- My View
Given the following geographical regions, EMEA, NA, Latin America, APAC; assuming there are corporate data centers for each of these areas, is it a reasonable assumption to place one or more MID servers in each geographical data center to handle the traffic which originates from that area?
If we have one DNS entry for the MID server cluster and use network routing rules to determine which data center cluster would be utilized so that someone in Dallas or Mexico City would go to the NA Cluster; Guatamala or Brazil would go to the Latin America Cluster, Ireland or Italy would go to the EMEA Cluster and Philippines or Japan would go to the APAC Cluster.
Curtis A. Rowell, Sr
placement in the regional DCs makes sense for me.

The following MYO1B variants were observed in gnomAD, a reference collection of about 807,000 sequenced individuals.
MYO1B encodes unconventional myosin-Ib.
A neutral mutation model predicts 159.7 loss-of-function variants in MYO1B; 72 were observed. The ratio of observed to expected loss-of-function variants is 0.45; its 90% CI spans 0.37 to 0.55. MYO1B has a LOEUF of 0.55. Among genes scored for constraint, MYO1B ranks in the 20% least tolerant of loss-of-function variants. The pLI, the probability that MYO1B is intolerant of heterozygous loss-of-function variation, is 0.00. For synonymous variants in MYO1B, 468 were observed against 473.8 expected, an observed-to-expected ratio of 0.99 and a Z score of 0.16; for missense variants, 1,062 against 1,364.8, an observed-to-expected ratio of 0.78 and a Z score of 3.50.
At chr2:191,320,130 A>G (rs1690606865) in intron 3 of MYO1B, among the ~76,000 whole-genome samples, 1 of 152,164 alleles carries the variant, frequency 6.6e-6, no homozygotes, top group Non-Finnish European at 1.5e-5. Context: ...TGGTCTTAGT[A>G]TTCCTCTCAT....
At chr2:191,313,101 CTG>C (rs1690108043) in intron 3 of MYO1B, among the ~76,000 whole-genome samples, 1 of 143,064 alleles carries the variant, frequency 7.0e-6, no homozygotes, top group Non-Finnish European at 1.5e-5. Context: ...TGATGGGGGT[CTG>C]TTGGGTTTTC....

The real question you'd have to answer though is - what sort of information are you going to transfer by these MIDs?
Discovery? Integrations? Other data sources?
It's should place you MID Server(s) as near as possible to your data. Geographically. If you think about the amount of data a discovered server may produce, as such as other variables of your environment, like:
|Number of subnets being discovered at once|
|Resources available on the MidServer|
|Available bandwidth between MidServer and targets|
|Resource availability (utilization) on the targets|
|impact, throughput, caveats, warnings, impact|
The MID Server calculator might be helpfull to: https://community.servicenow.com/thread/215318
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